That wind kept up all day. We were both tired from the hours beating into the waves. Bruce was so focused on sailing close to the wind he did not realize where we were. I was up forward navigating with the gps. "We've got to make it on this tack" he told me. "Make what? I asked. "The entrance to the the canal!" I looked at Bruce and saw he was worn out after hours of beating in to the wind, concentrating only on the boat, the wind, the sails. "We are in the canal already". He looked to port, saw the shoreline falling away to the east, looked to starboard and saw Reed Hammock on the stern quarter. He shook his head and kept on sailing. I could not tell if he was confused or relieved, or maybe both.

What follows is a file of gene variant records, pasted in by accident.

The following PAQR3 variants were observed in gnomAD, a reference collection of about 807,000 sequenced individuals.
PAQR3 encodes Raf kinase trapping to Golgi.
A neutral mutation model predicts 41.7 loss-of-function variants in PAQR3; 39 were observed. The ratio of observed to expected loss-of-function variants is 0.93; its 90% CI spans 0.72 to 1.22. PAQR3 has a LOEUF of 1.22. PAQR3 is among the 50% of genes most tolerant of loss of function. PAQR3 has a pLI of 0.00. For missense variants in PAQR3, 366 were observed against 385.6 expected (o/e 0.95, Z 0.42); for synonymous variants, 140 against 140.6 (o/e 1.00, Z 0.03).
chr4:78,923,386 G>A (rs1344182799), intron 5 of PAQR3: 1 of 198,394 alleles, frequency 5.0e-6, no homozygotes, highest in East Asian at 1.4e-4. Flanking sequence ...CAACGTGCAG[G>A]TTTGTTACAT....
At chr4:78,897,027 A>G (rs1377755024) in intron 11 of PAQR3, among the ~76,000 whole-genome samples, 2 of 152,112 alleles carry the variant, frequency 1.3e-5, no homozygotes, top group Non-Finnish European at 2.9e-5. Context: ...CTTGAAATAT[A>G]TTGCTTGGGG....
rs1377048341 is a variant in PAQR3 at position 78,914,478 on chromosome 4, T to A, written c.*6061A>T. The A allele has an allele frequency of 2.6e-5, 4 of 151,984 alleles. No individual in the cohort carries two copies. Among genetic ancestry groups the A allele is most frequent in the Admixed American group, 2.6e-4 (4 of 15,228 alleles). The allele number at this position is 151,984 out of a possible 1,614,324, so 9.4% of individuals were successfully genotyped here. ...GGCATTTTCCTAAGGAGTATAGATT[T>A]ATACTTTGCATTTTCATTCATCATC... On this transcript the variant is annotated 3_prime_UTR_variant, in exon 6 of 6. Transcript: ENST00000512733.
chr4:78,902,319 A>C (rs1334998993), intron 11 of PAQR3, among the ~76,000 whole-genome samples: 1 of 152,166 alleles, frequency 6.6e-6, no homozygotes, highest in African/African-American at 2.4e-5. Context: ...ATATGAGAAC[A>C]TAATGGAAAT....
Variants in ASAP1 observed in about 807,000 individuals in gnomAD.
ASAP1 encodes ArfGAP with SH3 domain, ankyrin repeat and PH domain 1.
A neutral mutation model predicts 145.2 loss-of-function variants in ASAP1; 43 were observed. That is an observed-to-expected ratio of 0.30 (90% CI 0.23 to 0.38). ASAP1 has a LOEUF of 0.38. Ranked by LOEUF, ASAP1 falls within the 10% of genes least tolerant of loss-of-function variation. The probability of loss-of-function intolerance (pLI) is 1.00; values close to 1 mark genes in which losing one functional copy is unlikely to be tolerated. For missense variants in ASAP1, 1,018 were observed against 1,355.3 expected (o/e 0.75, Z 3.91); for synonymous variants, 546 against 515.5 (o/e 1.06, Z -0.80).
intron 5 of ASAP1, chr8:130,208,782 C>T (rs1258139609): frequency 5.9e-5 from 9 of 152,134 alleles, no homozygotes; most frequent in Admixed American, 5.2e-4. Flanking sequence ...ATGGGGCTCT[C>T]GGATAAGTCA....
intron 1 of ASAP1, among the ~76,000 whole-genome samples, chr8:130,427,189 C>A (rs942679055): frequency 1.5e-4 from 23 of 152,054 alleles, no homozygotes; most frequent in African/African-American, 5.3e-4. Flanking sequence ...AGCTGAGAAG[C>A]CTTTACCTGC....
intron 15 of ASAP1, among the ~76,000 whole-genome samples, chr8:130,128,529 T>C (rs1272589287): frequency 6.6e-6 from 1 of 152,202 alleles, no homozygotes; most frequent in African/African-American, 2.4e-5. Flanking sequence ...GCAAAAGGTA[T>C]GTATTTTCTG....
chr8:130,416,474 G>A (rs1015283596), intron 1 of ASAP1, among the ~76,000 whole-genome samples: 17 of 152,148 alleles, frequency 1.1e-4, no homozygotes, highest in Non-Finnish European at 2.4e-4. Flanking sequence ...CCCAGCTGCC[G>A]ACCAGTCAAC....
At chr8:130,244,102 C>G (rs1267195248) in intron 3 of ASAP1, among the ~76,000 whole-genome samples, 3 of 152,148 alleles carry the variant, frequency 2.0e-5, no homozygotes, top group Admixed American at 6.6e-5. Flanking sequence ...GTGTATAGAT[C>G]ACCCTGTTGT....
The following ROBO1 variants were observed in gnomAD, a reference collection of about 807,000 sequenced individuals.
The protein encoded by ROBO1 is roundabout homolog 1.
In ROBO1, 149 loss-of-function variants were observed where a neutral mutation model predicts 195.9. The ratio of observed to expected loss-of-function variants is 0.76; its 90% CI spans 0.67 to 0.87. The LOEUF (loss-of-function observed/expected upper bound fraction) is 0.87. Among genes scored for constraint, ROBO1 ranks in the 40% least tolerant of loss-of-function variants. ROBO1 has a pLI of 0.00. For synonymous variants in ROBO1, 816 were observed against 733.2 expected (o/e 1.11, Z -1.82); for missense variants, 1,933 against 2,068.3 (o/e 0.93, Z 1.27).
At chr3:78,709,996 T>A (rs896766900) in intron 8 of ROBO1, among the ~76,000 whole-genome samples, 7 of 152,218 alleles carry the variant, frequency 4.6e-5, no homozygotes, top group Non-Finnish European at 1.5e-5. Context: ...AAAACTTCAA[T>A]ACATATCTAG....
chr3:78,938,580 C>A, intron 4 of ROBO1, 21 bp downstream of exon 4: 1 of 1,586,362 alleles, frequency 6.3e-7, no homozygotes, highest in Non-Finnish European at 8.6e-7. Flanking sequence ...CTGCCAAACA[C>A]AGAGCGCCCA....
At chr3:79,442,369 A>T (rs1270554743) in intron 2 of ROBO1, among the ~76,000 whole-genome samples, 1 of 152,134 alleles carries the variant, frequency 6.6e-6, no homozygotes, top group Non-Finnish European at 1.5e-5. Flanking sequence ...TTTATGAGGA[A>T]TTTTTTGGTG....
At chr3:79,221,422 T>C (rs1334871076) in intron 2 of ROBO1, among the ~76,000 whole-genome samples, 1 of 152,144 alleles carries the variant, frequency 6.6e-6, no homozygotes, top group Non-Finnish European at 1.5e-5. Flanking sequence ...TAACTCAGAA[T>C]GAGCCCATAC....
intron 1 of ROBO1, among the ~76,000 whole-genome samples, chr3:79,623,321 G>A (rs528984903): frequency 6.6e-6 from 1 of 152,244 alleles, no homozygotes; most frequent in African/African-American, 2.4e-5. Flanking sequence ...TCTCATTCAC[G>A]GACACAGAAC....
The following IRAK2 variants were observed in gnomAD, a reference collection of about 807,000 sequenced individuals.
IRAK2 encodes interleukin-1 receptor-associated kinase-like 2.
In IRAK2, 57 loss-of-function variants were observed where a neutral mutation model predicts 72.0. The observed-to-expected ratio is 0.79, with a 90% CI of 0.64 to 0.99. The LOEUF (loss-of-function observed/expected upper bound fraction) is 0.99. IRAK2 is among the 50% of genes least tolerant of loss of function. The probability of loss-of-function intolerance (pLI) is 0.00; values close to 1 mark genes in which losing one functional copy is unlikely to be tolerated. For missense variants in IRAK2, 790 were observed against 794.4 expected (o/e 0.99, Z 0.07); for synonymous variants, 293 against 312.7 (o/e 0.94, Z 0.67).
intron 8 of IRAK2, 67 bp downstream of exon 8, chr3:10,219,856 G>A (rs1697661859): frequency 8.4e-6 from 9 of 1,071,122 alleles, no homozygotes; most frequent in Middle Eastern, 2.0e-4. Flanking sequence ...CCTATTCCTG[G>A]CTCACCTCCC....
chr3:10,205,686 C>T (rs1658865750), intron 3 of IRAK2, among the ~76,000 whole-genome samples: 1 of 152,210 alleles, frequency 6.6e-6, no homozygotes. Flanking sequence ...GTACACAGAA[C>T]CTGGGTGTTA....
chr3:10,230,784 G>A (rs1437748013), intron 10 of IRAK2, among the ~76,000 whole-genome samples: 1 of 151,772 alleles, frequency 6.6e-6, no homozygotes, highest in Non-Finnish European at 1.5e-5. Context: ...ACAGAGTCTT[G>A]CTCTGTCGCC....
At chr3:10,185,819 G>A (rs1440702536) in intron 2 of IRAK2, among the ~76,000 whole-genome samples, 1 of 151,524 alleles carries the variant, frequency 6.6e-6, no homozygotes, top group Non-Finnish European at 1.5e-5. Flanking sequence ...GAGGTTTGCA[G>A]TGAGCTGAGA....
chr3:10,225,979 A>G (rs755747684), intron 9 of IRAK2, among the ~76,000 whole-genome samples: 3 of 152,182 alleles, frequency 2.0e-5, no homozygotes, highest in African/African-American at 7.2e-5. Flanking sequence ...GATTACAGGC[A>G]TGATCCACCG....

We followed the markers, green signs on posts and red floating buoys, down Goose Creek for a couple of miles. At red marker No. 9 we dropped sails and started the motor. To the east was a wall of trees covered in Spanish moss. As we approached an opening appeared and we followed a narrow creek up to a pool of water that split off in two different directions. Dixon Creek. Green cord grass, pine trees and glassy calm water. We dropped anchor, sat back and said nothing for a while.
Eventually, after a dinner of canned tuna fish salad and fig newtons (which should have been lunch if we had had time to eat it) our energy and smiles returned. We sponged out the boat and dried our foul weather gear on the boom. We felt good about our day. "Now that was sailing" Bruce said.
As the sun began to set, fish jumped in the little cove, birds flew and fireflies glowed in the trees. The wind may still have been howling, but we were hidden from it all. With an anchor light on the mizzen boom we both drifted off to sleep.